I love Pathways, our annual PhD careers options mega-event – and it turns out I’m not the only one. Here’s a great guest post from Chris Manley, Senior Careers Consultant at Warwick University who visited Pathways this year, gratefully reproduced from The Careers Blog at Warwick.
Life after the PhD – by Chris Manley
The annual ‘PhD Pathways’ event at Manchester University attracts 500 delegates and dozens of speakers, all former PhDs. It covers both academic and non-academic careers across twenty different workshops. I have recently taken up the reins of PGR lead within our careers team [at Warwick University], and decided to pop along to this year’s event to find out about life beyond the PhD…
There was far too much (engaging!) content to cover in a single blog post, and I don’t think I could possibly do justice to the scale of the event. Instead, I’ve summarised my experience – and thoughts – in the following Q&A:
What distinguishes those who find it easier to find work which satisfies them at the end of their studies?
- Explore and are curious
- Connect – with each other, and with potential employers
- Bounce back if things go wrong
What they don’t do is sit back and wait for success to happen.
Aside from their technical skills, do PhDs have skills which they don’t show?
Yes! Resilience (see above). Commitment. Writing to a high standard. Self-starters. Problem solvers. People who are willing to take responsibility. Flexibility and ability to think laterally. PhD students are more than the subject they are studying.
When PhD students go for roles outside academia, what are the potential tripwires?
- (Perceived) Lack of business acumen
- (Perceived) Lack of teamwork skills.
- Failure to appreciate the need to prove yourself before you move on and up.
All is far from lost, however. If you have previous business experience which you can articulate (and re-frame if necessary) then you won’t fall foul of the “commercial or business awareness” requirement. Similarly PhD applicants who can anticipate concerns around team working and collaboration will find evidence to counteract this assumption. Don’t limit your horizons by thinking about your experience in narrow terms. Sometimes, it’s just a case of semantics. Yes, the two worlds may be divided by language, but there’s considerable overlap when it comes to skills and competencies – you just have to divorce yourself from an entrenched mindset.
There are a myriad examples of former PhDs whose rewards came not so much from the initial position they gained directly post-doctorate, but because they utilised their skills and capabilities within the professional workplace to good effect, persuading employers to give them additional projects, promotions and other opportunities for career development. As a PhD graduate you may have to start at a fairly modest level in the non-academic environment (or certainly more modest than you might hope after three years’ hard slog) but once ensconced in the workplace, progression and promotion can happen at a rapid rate.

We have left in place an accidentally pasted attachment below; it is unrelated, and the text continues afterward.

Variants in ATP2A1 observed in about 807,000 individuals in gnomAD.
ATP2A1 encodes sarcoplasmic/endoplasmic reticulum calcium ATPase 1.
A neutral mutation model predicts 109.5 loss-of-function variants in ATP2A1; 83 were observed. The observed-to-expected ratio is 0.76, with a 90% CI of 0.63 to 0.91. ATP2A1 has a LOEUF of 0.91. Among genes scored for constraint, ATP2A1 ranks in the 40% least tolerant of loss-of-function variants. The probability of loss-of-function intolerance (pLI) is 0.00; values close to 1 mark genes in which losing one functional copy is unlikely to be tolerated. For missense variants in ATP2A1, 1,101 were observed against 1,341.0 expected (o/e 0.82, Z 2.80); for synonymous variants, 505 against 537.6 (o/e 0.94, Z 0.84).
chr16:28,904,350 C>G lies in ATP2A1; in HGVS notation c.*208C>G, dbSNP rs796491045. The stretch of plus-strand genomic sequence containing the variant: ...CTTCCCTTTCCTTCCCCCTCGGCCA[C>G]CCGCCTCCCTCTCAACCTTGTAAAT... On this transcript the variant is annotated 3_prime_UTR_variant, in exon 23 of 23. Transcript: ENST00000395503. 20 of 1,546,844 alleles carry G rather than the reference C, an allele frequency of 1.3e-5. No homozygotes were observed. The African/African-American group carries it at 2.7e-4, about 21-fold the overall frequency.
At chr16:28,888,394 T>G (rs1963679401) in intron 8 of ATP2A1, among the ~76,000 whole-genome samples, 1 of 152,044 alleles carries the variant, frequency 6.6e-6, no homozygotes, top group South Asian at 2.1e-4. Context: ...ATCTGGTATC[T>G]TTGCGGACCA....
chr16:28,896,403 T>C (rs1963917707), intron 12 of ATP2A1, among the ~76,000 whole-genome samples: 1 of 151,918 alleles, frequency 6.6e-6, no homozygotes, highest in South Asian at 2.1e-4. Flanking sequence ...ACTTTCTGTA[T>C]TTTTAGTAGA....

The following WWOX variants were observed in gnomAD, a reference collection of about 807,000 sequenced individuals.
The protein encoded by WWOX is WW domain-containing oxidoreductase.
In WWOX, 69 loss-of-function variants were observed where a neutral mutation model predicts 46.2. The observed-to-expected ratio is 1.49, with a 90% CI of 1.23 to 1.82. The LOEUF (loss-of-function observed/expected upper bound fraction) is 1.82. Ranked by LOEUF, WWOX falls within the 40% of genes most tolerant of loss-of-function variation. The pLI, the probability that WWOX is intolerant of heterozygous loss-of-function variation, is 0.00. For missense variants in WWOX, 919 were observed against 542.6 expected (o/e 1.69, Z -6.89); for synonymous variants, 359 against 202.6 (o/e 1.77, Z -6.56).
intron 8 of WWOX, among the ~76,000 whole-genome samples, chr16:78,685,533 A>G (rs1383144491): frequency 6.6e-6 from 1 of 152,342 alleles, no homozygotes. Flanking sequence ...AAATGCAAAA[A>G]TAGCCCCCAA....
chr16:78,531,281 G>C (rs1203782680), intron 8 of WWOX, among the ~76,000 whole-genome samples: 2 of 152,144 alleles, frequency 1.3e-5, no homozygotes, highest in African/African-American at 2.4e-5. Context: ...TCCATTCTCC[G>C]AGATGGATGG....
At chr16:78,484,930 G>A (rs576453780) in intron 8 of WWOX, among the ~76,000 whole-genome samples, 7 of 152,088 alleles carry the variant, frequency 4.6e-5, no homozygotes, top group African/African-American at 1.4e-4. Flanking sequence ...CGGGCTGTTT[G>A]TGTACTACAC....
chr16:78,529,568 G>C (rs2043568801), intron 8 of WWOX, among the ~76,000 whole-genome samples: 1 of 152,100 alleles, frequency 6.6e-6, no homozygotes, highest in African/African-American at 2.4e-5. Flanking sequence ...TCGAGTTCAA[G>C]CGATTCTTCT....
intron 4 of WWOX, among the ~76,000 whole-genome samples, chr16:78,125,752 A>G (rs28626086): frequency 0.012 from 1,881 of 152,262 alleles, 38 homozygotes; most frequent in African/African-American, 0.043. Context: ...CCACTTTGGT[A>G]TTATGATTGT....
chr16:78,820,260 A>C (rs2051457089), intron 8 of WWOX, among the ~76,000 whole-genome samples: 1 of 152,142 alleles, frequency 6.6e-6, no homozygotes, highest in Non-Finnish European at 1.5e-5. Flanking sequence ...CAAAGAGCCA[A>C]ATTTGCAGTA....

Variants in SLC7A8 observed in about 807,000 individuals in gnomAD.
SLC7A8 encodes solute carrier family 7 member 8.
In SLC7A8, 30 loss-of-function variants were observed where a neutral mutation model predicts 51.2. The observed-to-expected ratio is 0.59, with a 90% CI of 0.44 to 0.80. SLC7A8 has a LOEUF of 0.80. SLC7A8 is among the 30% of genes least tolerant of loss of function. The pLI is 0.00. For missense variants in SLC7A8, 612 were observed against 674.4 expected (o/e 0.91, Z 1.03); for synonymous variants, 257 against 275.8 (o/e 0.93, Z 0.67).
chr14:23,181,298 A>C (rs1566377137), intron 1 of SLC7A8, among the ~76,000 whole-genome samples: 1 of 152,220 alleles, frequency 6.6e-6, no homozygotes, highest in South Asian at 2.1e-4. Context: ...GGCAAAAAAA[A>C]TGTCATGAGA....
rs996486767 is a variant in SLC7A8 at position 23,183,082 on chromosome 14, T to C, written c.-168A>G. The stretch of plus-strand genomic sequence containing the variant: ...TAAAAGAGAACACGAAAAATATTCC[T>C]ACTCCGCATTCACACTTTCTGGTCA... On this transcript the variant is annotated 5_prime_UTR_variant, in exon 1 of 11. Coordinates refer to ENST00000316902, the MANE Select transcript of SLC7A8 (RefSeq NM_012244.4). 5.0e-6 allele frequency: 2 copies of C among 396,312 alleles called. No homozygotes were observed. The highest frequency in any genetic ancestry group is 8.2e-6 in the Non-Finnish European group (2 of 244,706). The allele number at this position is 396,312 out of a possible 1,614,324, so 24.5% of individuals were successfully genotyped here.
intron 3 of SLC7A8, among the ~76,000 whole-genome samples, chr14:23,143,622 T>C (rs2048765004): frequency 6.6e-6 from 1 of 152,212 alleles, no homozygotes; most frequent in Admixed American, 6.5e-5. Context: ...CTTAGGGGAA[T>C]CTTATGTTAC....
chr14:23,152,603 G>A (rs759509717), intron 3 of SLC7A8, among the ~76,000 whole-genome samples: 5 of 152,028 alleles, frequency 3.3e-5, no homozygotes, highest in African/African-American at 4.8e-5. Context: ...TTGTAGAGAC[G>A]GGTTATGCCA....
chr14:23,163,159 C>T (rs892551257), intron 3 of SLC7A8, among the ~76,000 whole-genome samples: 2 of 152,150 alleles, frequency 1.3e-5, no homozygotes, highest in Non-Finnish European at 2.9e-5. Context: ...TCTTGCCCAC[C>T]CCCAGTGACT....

Does the corporate world have a forced positivity which doesn’t exist in academia?
Answer: Yes! In a sense. Managers are not paid to not know, whereas not knowing is the starting point for a PhD and academic research. Shareholders want as close to certainty as possible, not the opposite! But seeing how your skills (and knowledge) can make a clear and demonstrable contribution to the success and profitability of an organisation may make the corporate world an attractive option. And for those seeking a stimulating environment, there’s the chance to use your intellectual agility and resourcefulness to solve new problems and learn new skills. (Although it wasn’t mentioned specifically, the fact that there are far more PhD students than academic positions was an additional reason to be reassured by the many contributors who absolutely loved the roles they found themselves in)
How do I best market my skills?
Story-telling, including telling stories about (and to make sense of) ourselves, is something we all do – so marketing yourself should be about telling your story in a powerful and compelling manner. Tell your story in a way which is interesting to your intended audience, and in a way which reflects the person you want to be. Marketing is about authentic communication, not contrived superficiality. ‘Making connections’ and ‘Sharing Stories’ are in fact close – arguably more satisfying – synonyms to marketing. As with any story, it’s important to find a clear narrative arc and use this to hook and engage your audience.
So – a question for you – what story are you going to tell?
Careers Manager (Postgraduate) at the University of Manchester, UK